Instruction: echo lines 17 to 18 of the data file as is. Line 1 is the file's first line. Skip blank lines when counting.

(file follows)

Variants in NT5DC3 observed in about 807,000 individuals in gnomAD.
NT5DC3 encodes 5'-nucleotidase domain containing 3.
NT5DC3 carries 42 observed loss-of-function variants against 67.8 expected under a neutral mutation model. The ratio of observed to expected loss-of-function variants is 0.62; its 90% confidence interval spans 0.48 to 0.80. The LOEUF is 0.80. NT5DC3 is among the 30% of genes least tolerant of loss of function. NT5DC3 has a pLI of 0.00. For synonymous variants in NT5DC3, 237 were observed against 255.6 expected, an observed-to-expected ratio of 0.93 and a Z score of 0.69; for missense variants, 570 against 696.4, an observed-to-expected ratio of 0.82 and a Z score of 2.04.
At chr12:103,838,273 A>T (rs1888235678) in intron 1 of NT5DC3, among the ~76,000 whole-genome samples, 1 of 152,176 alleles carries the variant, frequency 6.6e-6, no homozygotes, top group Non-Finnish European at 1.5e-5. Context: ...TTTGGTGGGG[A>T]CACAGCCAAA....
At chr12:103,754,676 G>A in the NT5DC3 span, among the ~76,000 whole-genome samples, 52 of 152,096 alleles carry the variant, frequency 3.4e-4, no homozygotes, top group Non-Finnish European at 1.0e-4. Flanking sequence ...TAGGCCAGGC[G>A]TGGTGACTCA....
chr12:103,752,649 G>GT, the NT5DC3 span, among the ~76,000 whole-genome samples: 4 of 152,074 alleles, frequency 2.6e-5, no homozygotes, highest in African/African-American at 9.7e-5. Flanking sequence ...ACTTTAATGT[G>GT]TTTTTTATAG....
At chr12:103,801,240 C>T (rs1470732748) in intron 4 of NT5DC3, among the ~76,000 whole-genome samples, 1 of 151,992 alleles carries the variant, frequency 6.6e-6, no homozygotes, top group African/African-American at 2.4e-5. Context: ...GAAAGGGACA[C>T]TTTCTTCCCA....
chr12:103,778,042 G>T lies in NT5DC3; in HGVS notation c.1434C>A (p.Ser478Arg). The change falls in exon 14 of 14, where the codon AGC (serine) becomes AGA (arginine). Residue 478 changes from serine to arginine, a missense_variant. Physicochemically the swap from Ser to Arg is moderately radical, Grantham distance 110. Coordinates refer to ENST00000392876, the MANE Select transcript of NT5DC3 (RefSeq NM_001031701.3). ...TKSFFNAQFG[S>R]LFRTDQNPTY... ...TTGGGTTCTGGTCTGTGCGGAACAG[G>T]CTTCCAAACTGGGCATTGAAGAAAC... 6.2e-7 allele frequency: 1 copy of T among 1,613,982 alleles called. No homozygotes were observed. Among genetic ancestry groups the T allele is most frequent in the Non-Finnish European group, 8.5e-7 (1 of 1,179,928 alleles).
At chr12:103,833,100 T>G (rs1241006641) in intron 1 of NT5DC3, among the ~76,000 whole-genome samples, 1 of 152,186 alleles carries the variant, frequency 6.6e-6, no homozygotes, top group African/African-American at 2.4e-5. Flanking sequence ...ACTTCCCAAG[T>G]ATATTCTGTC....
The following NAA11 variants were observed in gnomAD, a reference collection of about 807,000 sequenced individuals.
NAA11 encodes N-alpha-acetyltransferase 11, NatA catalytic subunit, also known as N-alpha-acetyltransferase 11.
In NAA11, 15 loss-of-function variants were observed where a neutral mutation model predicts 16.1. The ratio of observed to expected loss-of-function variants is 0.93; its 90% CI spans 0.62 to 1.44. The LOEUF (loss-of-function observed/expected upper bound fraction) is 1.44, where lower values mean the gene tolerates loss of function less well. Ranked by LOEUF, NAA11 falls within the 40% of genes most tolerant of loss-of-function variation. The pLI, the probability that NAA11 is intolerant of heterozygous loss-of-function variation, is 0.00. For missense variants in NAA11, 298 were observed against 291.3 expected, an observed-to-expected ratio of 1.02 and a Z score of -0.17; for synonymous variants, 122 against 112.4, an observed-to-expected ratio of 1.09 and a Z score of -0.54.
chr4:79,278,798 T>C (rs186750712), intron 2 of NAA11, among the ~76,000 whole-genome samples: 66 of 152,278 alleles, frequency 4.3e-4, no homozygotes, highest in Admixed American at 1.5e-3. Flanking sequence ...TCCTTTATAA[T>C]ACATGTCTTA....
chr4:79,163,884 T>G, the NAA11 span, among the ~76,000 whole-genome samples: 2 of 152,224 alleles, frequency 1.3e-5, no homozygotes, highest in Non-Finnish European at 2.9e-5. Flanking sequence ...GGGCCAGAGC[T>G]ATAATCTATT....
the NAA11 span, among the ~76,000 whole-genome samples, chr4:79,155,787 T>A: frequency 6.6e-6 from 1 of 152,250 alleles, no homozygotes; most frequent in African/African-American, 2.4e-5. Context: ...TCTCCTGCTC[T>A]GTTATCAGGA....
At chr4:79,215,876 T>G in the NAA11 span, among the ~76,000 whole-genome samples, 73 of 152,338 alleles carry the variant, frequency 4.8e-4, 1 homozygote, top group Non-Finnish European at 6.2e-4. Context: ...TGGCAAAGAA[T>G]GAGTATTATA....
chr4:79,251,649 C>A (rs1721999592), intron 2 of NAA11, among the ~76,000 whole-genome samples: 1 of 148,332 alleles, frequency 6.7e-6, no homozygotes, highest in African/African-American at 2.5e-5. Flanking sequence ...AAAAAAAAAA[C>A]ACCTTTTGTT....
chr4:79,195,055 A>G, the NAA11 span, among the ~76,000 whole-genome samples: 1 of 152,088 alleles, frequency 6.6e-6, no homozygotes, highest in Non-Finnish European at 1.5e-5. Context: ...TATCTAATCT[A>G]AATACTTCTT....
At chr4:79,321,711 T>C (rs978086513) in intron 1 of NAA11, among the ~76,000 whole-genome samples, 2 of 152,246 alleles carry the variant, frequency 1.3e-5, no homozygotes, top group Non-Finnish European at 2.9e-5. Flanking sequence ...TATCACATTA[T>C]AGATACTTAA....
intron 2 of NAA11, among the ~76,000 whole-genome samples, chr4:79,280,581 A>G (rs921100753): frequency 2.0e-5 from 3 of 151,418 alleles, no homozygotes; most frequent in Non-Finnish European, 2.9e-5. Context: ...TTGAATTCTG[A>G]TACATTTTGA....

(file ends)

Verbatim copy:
chr4:79,251,649 C>A (rs1721999592), intron 2 of NAA11, among the ~76,000 whole-genome samples: 1 of 148,332 alleles, frequency 6.7e-6, no homozygotes, highest in African/African-American at 2.5e-5. Flanking sequence ...AAAAAAAAAA[C>A]ACCTTTTGTT....
chr4:79,195,055 A>G, the NAA11 span, among the ~76,000 whole-genome samples: 1 of 152,088 alleles, frequency 6.6e-6, no homozygotes, highest in Non-Finnish European at 1.5e-5. Context: ...TATCTAATCT[A>G]AATACTTCTT....